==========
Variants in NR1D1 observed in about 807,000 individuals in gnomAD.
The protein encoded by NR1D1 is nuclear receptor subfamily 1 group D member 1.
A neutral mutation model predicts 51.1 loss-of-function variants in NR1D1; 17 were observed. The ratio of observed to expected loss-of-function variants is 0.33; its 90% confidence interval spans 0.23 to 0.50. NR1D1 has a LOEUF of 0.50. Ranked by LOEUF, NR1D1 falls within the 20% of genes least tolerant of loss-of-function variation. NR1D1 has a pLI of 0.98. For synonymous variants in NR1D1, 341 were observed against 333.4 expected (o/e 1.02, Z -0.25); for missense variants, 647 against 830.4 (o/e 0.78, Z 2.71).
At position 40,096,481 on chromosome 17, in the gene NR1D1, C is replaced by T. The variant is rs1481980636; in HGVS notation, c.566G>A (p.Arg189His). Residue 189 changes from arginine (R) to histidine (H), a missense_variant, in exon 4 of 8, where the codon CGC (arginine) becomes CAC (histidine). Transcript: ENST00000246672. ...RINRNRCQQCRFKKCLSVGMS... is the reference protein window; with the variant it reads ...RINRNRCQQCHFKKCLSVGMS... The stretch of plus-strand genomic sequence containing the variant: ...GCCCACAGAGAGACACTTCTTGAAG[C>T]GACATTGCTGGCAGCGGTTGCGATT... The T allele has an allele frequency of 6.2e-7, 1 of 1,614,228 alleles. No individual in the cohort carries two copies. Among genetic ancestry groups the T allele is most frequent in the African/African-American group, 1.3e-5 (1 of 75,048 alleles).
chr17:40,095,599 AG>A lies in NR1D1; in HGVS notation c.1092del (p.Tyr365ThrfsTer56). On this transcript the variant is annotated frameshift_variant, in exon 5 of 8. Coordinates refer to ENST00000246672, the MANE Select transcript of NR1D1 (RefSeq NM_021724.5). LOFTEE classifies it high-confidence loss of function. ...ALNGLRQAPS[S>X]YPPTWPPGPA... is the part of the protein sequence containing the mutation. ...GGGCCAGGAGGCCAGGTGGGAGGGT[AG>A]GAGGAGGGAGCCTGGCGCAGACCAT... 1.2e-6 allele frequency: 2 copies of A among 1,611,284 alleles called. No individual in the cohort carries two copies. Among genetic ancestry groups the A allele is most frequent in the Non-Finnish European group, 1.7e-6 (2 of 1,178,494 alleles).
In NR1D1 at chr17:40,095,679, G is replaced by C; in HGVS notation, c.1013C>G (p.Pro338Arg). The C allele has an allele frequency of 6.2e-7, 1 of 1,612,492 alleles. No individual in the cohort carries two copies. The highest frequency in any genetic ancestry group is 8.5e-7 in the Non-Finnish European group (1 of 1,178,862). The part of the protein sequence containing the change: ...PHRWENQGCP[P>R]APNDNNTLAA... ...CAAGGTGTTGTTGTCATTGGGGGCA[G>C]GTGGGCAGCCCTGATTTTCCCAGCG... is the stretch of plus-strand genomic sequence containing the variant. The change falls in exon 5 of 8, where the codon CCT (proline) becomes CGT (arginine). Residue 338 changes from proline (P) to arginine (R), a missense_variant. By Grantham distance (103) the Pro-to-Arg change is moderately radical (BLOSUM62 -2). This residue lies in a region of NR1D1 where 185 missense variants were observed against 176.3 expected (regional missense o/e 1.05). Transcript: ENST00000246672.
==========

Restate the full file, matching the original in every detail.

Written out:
Variants in NR1D1 observed in about 807,000 individuals in gnomAD.
The protein encoded by NR1D1 is nuclear receptor subfamily 1 group D member 1.
A neutral mutation model predicts 51.1 loss-of-function variants in NR1D1; 17 were observed. The ratio of observed to expected loss-of-function variants is 0.33; its 90% confidence interval spans 0.23 to 0.50. NR1D1 has a LOEUF of 0.50. Ranked by LOEUF, NR1D1 falls within the 20% of genes least tolerant of loss-of-function variation. NR1D1 has a pLI of 0.98. For synonymous variants in NR1D1, 341 were observed against 333.4 expected (o/e 1.02, Z -0.25); for missense variants, 647 against 830.4 (o/e 0.78, Z 2.71).
At position 40,096,481 on chromosome 17, in the gene NR1D1, C is replaced by T. The variant is rs1481980636; in HGVS notation, c.566G>A (p.Arg189His). Residue 189 changes from arginine (R) to histidine (H), a missense_variant, in exon 4 of 8, where the codon CGC (arginine) becomes CAC (histidine). Transcript: ENST00000246672. ...RINRNRCQQCRFKKCLSVGMS... is the reference protein window; with the variant it reads ...RINRNRCQQCHFKKCLSVGMS... The stretch of plus-strand genomic sequence containing the variant: ...GCCCACAGAGAGACACTTCTTGAAG[C>T]GACATTGCTGGCAGCGGTTGCGATT... The T allele has an allele frequency of 6.2e-7, 1 of 1,614,228 alleles. No individual in the cohort carries two copies. Among genetic ancestry groups the T allele is most frequent in the African/African-American group, 1.3e-5 (1 of 75,048 alleles).
chr17:40,095,599 AG>A lies in NR1D1; in HGVS notation c.1092del (p.Tyr365ThrfsTer56). On this transcript the variant is annotated frameshift_variant, in exon 5 of 8. Coordinates refer to ENST00000246672, the MANE Select transcript of NR1D1 (RefSeq NM_021724.5). LOFTEE classifies it high-confidence loss of function. ...ALNGLRQAPS[S>X]YPPTWPPGPA... is the part of the protein sequence containing the mutation. ...GGGCCAGGAGGCCAGGTGGGAGGGT[AG>A]GAGGAGGGAGCCTGGCGCAGACCAT... 1.2e-6 allele frequency: 2 copies of A among 1,611,284 alleles called. No individual in the cohort carries two copies. Among genetic ancestry groups the A allele is most frequent in the Non-Finnish European group, 1.7e-6 (2 of 1,178,494 alleles).
In NR1D1 at chr17:40,095,679, G is replaced by C; in HGVS notation, c.1013C>G (p.Pro338Arg). The C allele has an allele frequency of 6.2e-7, 1 of 1,612,492 alleles. No individual in the cohort carries two copies. The highest frequency in any genetic ancestry group is 8.5e-7 in the Non-Finnish European group (1 of 1,178,862). The part of the protein sequence containing the change: ...PHRWENQGCP[P>R]APNDNNTLAA... ...CAAGGTGTTGTTGTCATTGGGGGCA[G>C]GTGGGCAGCCCTGATTTTCCCAGCG... is the stretch of plus-strand genomic sequence containing the variant. The change falls in exon 5 of 8, where the codon CCT (proline) becomes CGT (arginine). Residue 338 changes from proline (P) to arginine (R), a missense_variant. By Grantham distance (103) the Pro-to-Arg change is moderately radical (BLOSUM62 -2). This residue lies in a region of NR1D1 where 185 missense variants were observed against 176.3 expected (regional missense o/e 1.05). Transcript: ENST00000246672.